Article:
As the past decade progressed, I listened to the radio less and less to the point where over the past several years I pretty much stopped listening altogether. And I missed it. I’m back in an area with some good radio programming, and I decided today to do something about it.
I have a Denon A/V receiver with radio capability. One of the reasons I had stopped listening to the radio was that I had decided the Denon was difficult to use as a radio source. But I think the difficulty lie in being able to scan the radio spectrum and not in playing the radio. If you set the presets, then it works quite easily.
I already had some ideas about what stations I wanted to listen to, but first, I needed an FM antenna. The receiver has an F connector, which is a 75 Ω (Ohm) type of coaxial RF connector sometimes found on old TV sets. I did some research online and found the equipment I needed. First, was a dipole FM antenna available for $6.99 from RadioShack. The antenna has two 300 Ω leads. So I also needed a 300 Ω to 75 Ω adapter that would match up with the coaxial F connector on my receiver. A matching transformer for $5.49 was the exact item.
The antenna has a long straight span from the bottom end, which you can run up the wall, and then it splits at the top with two spans reaching a total horizontal distance of 58 inches. It’s a passive antenna, which works well. There are also amplified antennas that you have to plug into an electrical outlet that can help pull in signals if you’re in a remote area.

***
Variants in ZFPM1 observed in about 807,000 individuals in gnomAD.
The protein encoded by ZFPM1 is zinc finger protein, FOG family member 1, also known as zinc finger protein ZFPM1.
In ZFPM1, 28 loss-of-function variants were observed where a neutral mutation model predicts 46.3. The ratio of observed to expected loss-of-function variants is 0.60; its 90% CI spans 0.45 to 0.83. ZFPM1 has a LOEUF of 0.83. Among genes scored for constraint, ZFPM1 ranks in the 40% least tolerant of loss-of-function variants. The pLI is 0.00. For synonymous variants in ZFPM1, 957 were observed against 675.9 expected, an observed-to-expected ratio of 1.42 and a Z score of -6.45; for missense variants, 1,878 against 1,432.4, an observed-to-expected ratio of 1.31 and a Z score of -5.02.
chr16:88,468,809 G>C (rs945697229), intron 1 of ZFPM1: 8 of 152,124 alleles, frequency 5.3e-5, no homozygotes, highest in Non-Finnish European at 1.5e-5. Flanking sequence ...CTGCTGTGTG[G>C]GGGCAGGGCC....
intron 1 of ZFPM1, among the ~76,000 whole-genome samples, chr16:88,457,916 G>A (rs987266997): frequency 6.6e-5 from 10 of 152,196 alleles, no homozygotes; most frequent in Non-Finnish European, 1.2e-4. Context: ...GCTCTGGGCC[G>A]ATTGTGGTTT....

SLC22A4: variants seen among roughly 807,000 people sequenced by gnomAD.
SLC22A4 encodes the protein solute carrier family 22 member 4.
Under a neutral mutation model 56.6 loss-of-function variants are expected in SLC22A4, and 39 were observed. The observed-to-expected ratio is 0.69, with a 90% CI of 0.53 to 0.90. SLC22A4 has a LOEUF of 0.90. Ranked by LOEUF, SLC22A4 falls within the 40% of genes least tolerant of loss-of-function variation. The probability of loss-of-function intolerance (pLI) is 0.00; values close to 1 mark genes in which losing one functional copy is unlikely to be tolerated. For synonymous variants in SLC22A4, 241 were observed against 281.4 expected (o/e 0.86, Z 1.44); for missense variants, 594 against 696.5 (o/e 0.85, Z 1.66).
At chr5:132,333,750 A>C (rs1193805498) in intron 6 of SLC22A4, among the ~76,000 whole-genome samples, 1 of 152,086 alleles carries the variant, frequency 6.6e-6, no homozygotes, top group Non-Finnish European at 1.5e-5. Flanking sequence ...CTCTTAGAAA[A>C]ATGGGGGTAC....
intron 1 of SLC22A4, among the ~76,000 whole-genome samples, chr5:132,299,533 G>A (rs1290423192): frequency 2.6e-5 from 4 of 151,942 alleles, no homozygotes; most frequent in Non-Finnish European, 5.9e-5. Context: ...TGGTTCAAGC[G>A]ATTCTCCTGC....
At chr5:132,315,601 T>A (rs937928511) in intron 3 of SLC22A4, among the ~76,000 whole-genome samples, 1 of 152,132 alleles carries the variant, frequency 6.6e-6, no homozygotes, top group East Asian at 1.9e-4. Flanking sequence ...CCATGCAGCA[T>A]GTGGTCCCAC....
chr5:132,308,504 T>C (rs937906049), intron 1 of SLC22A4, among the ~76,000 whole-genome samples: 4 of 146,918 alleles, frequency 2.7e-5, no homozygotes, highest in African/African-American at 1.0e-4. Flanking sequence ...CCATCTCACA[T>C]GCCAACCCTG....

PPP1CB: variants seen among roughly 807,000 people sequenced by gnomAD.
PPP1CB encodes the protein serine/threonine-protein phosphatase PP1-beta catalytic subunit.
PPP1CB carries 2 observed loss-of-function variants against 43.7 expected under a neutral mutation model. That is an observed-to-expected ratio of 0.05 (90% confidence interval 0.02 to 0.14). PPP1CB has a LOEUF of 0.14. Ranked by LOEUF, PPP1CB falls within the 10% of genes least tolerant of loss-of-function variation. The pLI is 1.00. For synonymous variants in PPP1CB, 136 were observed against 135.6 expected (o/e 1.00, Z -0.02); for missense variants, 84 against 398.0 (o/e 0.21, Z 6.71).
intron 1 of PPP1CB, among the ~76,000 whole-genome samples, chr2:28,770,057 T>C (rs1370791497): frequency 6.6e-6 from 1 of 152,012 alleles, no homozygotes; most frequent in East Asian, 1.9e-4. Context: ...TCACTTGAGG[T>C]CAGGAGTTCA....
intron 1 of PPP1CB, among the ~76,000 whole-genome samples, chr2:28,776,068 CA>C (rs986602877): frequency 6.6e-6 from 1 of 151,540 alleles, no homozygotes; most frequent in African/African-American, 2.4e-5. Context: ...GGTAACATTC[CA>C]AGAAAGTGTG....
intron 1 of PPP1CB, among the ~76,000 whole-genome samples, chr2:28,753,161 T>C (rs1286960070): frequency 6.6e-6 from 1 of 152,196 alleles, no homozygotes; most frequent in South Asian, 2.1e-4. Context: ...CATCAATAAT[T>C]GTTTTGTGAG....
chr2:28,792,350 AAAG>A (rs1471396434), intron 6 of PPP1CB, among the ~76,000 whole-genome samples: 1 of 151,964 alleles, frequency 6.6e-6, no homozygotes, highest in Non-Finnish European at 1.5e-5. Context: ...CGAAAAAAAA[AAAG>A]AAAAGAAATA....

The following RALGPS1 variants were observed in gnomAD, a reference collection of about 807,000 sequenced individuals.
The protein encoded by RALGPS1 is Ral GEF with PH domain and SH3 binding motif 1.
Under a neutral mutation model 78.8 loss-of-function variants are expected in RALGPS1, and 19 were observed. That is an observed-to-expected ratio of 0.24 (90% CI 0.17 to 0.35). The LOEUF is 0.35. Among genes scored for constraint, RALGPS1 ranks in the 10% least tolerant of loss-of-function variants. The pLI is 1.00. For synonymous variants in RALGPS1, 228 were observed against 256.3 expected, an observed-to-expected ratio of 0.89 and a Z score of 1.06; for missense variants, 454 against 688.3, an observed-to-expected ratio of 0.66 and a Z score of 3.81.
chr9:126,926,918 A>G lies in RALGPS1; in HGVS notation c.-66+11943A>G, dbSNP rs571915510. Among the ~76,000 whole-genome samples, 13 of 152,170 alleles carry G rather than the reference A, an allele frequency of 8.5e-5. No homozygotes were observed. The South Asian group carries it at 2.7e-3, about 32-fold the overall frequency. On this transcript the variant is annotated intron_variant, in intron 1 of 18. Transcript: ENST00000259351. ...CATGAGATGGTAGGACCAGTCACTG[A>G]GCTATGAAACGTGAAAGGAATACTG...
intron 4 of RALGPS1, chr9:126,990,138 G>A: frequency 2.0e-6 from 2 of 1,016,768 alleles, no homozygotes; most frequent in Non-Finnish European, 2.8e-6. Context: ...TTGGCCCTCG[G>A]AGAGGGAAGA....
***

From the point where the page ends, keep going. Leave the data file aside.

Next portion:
After attaching the antenna, I made a list of radio stations I wanted to program into my receiver for easy access. Maybe your list will be different.
- WERN 88.7 FM – Wisconsin Public Radio news & classical music
- WORT 89.9 FM – Madison community radio station
- WSUM 91.7 FM – University of Wisconsin student radio station
- WXXM 92.1 FM – progressive talk radio
- WMMM 105.5 FM – adult alternative music station
- W300BM 107.9 FM – limited range Wisconsin Public Radio “Ideas Network” talk radio station serving central Madison area
That’s the list of six stations I came up with. I figured out how to program them into my receiver and away we go! There is plenty more room to add more presets, so I’ll keep looking to see if there are other worthy stations. Any suggestions?
The next step is to get these stations programmed into the radio in my car. I don’t drive much, and I usually either play my iPod through the car stereo or I don’t listen to anything. But I’ve got six new possibilities for things to listen to. I’m excited to get terrestrial radio back into my listening habits. So far I’ve been listening to WORT 89.9 FM this evening. I like the idea of a community radio station. And clearly the next step in that direction is to get involved with the radio station itself. Their website says they’re looking for volunteers!